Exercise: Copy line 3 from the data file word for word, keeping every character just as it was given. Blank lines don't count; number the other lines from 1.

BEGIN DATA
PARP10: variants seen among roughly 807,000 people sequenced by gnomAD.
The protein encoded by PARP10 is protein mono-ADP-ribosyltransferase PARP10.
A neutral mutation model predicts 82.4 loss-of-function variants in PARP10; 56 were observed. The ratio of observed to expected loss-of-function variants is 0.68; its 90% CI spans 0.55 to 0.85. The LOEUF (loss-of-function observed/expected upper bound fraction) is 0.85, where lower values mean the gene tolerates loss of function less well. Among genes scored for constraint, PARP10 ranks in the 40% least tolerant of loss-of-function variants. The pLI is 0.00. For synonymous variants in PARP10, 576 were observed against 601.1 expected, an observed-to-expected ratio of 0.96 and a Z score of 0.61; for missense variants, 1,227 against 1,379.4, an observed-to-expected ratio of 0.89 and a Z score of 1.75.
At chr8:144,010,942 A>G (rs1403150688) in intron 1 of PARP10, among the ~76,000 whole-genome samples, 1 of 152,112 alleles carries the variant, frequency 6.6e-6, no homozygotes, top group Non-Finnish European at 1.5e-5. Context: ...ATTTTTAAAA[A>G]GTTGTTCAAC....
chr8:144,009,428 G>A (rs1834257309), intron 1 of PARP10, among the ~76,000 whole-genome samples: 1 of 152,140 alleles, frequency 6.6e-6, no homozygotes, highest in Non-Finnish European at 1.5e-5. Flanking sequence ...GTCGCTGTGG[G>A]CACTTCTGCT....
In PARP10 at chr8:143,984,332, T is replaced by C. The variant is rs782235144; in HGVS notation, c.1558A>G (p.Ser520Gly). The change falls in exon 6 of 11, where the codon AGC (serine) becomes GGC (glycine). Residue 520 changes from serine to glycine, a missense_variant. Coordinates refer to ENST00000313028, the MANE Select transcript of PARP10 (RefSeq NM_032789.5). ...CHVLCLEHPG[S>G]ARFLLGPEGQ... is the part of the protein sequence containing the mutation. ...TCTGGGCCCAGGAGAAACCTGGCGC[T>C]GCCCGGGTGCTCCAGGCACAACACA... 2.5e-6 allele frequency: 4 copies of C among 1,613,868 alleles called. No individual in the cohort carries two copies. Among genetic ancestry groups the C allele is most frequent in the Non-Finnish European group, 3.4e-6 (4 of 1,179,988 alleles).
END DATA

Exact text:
A neutral mutation model predicts 82.4 loss-of-function variants in PARP10; 56 were observed. The ratio of observed to expected loss-of-function variants is 0.68; its 90% CI spans 0.55 to 0.85. The LOEUF (loss-of-function observed/expected upper bound fraction) is 0.85, where lower values mean the gene tolerates loss of function less well. Among genes scored for constraint, PARP10 ranks in the 40% least tolerant of loss-of-function variants. The pLI is 0.00. For synonymous variants in PARP10, 576 were observed against 601.1 expected, an observed-to-expected ratio of 0.96 and a Z score of 0.61; for missense variants, 1,227 against 1,379.4, an observed-to-expected ratio of 0.89 and a Z score of 1.75.